Houston is a weird place to live during the Holidays. Some years it’s cold and grey, and other years you’re wearing shorts on Christmas day. Nevertheless, the Holiday traditions still go on.
One tradition that I have done since I was a child, is watch “A Christmas Story”. The story of Ralphie Parker, who only wants one thing for Christmas, a Red Ryder BB Gun.
It’s safe to say, that most Texans fans only wanted one thing to happen at the end of this season, Gary Kubiak to get fired. Christmas came early this year, when Bob McNair announced that Gary Kubiak has been relieved of his head coaching duties on Friday.
Bob McNair hired Kubiak back in 2006, and Houston had hope that this was the answer, after the Capers disaster. McNair believed in Kubiak so much, that he handed him the keys to the franchise.
Gary came in and did something that would ultimately lead to his demise, he stayed in his comfort zone. He hired people that he was comfortable with, and gave them a lot of cushion.
His staff was built on prior relationships, using the “Good ‘Ole Boy” system. When someone didn’t workout, it weighed on him to let them go. The same thing happened with players. Being a players coach, he worried about their feelings, way too much. And that’s not how to run a franchise.
Watching Kubiak call games was frustrating. Burning timeouts for no reason, running the ball when it’s 3rd and long, playing not to lose and not playing to win.
Watching the Texans in the red zone made me want to bang my head against my coffee table. It was odd how an offense that could be so effective moving the ball up and down the field, just stall out in the red zone. Settling for field goals instead of touchdowns.
The first half of his tenure he blamed a lot of the red zone struggles on not having a run game. Which seemed fair at the time. But that excuse was no longer valid, after Arian Foster showed us he’s a top 10 running back in this league. When he could no longer play that card, his excuse was, “It’s on me.”
I took a deeper look at how the Texans ranked against the rest of the league when it came to the red zone.
There are a lot of interesting numbers here. Inconsistency all across the board.
The highest he was ever ranked in red zone touchdowns was 4th back in 2007, the first year of Matt Schaub (I take those numbers with a grain of salt, seeing as the offense was still horrible). In 2010 the Texans had their best all around performance as an offense. They could pass, run, and score touchdowns in the red zone (If only that defense wasn’t a pair of clown of shoes that season).
You could argue, that if Fat Albert never fell on Matt Schaub’s foot in 2011, that the red zone touchdown scoring would be completely different. That’s fair. Then again, Kubiak considers himself an offensive guru, and he should have been able to adjust his play calls to fit T.J. Yates‘ strengths.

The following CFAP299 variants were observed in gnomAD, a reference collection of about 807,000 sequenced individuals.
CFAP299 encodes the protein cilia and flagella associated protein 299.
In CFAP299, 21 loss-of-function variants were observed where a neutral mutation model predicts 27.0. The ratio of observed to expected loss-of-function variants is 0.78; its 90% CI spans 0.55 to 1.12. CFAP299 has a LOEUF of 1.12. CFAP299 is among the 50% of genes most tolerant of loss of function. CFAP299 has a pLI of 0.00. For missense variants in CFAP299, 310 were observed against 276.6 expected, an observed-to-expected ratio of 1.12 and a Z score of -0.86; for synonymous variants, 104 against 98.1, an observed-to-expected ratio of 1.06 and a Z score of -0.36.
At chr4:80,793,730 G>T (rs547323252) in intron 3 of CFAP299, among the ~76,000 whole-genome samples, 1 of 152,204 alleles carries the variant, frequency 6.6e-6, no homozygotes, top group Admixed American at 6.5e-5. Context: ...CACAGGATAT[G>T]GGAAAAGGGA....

Maybe making offensive adjustments just isn’t your game, Gary… I know, let’s have a spelling contest (Doc Holiday voice). That right there is the real kick in the potato sack. Adjustments were not made. Knowing that there is an issue and thinking that it will just work itself out, is beyond stupid to me.
The west coast offense, is a scheme that uses running the ball to set up the pass. The passing scheme is typically made up of two wide receivers, tight end, and running back. Their routes create spacing and mismatches throughout the field.
For the most part this scheme has been real effective when it comes to moving the ball up and down the field. When you’re working with 20 or less yards, it’s a lot harder to create that space. Scoring becomes a lot more difficult unless you have a quarterback that can make smart decisions fast, and can zip that ball to one of the options in a small window.
Gary Kubiak knows this, and he firmly believed that Schaub could be that guy. Or maybe Schaub was just a “Yes Man”, and never spoke up when he disagreed with a call. It almost seemed as if Kubiak coddled Matt. He would never let him get too far ahead of the game. It was like watching a controlling owner walk their dog with a choke collar. Once that dog gets off path a little bit and doesn’t walk the way he wants him too, he yanks on that leash. Just so that dog remembers who is in charge.
That speaks to his entire tenure here in Houston. Gary Kubiak was dead set on doing things his way.
All in all, Gary Kubiak was a good guy. It’s tough to say whether or not he will learn from the mistakes he made in Houston. It’s hard not too root for a hometown guy to do well.
In the end, Houston got their Red Ryder BB gun. I just hope we don’t shoot our eye out this time.